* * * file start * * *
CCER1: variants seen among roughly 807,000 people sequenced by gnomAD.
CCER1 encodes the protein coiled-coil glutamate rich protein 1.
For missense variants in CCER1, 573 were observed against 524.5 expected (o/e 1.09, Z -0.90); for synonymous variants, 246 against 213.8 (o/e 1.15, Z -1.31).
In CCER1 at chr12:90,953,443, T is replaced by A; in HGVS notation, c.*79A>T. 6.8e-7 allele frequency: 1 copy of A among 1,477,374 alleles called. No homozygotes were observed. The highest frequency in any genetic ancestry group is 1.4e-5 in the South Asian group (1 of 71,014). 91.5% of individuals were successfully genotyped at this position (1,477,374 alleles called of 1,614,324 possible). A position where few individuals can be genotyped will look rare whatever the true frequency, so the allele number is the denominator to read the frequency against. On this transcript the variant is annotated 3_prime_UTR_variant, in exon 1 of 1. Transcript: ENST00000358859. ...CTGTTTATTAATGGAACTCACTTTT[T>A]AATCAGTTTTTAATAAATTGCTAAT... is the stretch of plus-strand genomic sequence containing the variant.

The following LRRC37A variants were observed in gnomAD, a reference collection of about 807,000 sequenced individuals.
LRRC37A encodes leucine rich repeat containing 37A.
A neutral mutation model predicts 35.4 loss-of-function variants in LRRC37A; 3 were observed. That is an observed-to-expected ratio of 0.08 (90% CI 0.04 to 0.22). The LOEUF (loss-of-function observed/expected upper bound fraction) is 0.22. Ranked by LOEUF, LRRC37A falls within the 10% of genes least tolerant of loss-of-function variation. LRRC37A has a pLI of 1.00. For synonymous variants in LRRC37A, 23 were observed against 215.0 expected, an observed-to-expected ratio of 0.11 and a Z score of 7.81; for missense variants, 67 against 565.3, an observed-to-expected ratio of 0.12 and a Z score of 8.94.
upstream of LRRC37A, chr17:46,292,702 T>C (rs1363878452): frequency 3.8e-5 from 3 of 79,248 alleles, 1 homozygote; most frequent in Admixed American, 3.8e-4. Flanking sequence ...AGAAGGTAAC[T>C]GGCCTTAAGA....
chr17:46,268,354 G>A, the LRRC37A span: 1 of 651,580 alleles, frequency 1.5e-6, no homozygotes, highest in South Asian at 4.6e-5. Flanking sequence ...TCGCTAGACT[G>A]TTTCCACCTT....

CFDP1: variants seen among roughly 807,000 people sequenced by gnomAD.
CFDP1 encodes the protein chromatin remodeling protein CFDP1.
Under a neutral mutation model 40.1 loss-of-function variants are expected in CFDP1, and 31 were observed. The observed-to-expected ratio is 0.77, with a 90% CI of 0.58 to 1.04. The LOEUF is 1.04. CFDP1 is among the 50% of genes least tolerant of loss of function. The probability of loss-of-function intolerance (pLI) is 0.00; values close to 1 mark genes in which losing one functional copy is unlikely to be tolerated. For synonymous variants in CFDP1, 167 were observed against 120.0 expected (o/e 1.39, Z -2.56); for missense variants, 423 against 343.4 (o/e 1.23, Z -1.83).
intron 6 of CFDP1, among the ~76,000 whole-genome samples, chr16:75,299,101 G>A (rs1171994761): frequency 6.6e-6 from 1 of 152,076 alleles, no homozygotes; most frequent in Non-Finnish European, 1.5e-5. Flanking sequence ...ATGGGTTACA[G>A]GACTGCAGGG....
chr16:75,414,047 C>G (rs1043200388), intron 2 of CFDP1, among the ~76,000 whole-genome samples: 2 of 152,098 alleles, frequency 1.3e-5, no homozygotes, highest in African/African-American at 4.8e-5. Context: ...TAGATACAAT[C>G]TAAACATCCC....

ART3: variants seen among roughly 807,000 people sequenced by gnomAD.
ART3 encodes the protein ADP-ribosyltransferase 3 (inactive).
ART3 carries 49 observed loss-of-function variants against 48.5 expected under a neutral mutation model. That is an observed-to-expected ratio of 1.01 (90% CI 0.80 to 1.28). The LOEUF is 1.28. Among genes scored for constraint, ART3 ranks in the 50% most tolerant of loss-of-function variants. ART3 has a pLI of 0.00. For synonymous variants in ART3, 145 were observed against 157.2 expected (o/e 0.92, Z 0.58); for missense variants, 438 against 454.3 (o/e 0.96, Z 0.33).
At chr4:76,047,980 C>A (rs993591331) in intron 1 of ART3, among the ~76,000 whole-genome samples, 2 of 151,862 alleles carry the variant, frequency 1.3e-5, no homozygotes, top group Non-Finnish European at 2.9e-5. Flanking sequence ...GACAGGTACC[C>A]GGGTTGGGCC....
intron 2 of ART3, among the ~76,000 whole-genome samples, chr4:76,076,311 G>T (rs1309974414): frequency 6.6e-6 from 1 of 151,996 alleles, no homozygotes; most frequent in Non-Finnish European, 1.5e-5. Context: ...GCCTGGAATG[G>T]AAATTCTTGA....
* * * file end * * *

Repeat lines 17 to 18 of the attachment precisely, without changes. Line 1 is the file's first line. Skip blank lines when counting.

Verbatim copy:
ART3 carries 49 observed loss-of-function variants against 48.5 expected under a neutral mutation model. That is an observed-to-expected ratio of 1.01 (90% CI 0.80 to 1.28). The LOEUF is 1.28. Among genes scored for constraint, ART3 ranks in the 50% most tolerant of loss-of-function variants. ART3 has a pLI of 0.00. For synonymous variants in ART3, 145 were observed against 157.2 expected (o/e 0.92, Z 0.58); for missense variants, 438 against 454.3 (o/e 0.96, Z 0.33).
At chr4:76,047,980 C>A (rs993591331) in intron 1 of ART3, among the ~76,000 whole-genome samples, 2 of 151,862 alleles carry the variant, frequency 1.3e-5, no homozygotes, top group Non-Finnish European at 2.9e-5. Flanking sequence ...GACAGGTACC[C>A]GGGTTGGGCC....